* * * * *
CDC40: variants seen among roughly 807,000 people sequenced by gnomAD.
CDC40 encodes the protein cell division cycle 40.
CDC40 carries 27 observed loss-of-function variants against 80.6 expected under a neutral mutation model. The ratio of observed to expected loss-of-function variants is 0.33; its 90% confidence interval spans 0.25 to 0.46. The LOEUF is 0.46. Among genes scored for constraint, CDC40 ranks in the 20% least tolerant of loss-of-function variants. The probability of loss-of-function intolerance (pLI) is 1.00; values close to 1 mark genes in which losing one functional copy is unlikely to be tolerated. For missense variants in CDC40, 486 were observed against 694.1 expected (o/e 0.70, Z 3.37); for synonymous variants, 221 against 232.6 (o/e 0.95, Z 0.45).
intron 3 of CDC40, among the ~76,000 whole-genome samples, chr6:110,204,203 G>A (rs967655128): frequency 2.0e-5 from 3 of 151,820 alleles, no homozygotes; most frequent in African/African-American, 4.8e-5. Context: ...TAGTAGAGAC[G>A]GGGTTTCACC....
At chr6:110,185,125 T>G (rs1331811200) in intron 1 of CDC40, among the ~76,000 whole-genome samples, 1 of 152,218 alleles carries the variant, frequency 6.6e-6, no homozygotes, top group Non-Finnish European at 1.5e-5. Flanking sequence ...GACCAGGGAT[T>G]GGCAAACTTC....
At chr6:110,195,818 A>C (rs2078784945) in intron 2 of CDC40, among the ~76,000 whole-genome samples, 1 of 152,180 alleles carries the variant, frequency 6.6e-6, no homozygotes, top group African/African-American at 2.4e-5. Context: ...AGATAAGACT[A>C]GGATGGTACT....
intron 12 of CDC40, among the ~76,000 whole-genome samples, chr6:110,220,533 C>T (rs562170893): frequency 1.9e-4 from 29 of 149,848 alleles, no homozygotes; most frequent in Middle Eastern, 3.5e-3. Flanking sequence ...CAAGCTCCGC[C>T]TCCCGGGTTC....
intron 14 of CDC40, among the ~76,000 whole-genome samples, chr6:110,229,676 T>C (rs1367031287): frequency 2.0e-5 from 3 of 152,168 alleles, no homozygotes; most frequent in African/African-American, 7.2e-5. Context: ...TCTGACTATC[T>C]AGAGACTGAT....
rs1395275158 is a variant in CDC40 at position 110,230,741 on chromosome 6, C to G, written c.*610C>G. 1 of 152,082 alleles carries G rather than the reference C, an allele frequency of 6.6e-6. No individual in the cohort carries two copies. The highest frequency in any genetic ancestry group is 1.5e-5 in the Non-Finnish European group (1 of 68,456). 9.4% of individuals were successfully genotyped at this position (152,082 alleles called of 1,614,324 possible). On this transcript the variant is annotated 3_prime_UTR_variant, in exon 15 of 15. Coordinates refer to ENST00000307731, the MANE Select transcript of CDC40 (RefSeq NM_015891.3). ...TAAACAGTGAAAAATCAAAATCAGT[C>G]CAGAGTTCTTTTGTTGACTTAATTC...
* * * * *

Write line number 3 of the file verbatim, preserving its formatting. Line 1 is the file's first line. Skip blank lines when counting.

CDC40 carries 27 observed loss-of-function variants against 80.6 expected under a neutral mutation model. The ratio of observed to expected loss-of-function variants is 0.33; its 90% confidence interval spans 0.25 to 0.46. The LOEUF is 0.46. Among genes scored for constraint, CDC40 ranks in the 20% least tolerant of loss-of-function variants. The probability of loss-of-function intolerance (pLI) is 1.00; values close to 1 mark genes in which losing one functional copy is unlikely to be tolerated. For missense variants in CDC40, 486 were observed against 694.1 expected (o/e 0.70, Z 3.37); for synonymous variants, 221 against 232.6 (o/e 0.95, Z 0.45).